What’s In A Name?


With The Secret Confessions of Anne Shakespeare due out 1 June, this might be the time to relate the behind-the-scenes story of how the book got its title.  My original choice was The Shakespeare Chronicles, and I loved it.  To me, “chronicles” evokes a sweeping sense of history and legend, of heroism and valiant deeds, a fitting word to sum up my saga of Anne, Will and the writing of the greatest plays in the English language.

Unfortunately, the publisher did not agree.  Women being the major buyers of historical fiction, the publisher wanted a title more targeted to female readers.  The title also had to make it clear at a glance that the story was being told from Anne’s point of view.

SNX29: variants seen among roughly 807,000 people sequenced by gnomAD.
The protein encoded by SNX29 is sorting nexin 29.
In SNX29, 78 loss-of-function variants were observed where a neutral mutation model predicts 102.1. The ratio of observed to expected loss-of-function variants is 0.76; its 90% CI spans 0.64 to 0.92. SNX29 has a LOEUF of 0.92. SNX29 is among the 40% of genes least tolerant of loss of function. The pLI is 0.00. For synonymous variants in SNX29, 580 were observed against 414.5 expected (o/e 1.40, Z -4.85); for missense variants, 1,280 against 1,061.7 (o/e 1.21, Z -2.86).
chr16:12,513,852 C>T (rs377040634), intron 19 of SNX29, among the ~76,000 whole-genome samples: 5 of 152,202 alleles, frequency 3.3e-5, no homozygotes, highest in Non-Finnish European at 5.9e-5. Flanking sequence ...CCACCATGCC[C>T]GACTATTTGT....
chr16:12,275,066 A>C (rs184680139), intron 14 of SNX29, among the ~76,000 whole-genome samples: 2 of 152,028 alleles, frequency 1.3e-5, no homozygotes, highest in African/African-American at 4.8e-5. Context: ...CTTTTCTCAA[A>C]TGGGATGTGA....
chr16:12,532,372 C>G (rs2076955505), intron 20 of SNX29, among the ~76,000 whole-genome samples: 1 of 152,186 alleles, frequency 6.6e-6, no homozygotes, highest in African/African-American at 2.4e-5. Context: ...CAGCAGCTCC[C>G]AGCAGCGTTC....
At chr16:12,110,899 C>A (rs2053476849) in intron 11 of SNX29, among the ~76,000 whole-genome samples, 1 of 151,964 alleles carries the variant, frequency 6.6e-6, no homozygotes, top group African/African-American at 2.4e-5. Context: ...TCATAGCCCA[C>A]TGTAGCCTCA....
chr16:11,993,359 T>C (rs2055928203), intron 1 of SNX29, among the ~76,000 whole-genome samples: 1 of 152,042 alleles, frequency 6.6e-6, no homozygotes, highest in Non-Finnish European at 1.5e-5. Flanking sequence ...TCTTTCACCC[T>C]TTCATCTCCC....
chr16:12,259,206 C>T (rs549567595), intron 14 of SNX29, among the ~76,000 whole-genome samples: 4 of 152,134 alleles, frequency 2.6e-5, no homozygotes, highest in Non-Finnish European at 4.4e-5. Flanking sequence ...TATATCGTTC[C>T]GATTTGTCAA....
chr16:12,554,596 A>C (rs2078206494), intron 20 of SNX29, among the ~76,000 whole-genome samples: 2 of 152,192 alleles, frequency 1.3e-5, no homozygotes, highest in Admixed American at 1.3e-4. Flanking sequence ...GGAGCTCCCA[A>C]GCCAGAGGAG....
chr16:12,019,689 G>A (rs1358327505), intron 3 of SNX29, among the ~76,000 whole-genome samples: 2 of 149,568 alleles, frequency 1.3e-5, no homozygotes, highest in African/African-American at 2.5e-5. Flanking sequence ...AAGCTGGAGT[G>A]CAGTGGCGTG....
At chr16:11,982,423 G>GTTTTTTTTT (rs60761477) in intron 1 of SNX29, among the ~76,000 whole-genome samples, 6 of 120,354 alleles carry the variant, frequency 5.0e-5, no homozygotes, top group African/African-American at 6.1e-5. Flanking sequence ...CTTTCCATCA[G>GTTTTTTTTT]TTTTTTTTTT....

There followed two weeks of intense brainstorming between me and my editor, and between me, my writers’ group and my husband and children.  We played off words and phrases like “bard,” “mistress” and “the secret swan of Avon.”  We tried twisting titles and quotes from the plays.  We couldn’t use the obvious Shakespeare’s Wife–Germaine Greer had a recent book with that title–and I didn’t like it anyway.  We also had to be sure it sounded like a novel and not a nonfiction book about Will.

One interesting complication was that even though Anne is almost invariably referred to, in any Shakespeare context, by her maiden name Hathaway, using that name in the title caused engine search confusion with the actress Anne Hathaway.  So it had to be Anne Shakespeare, which is only right.  It is the name she would have called herself from the date of her marriage until the day she died.

In the end, I still prefer The Shakespeare Chronicles, and I urge male readers not to be deterred by the feminized title.  But I am glad if the revised title plays a small part in restoring Anne’s name.  To strip her of “Shakespeare” follows the trend of belittling her as the shrewish wife.  I say she deserves a better fame.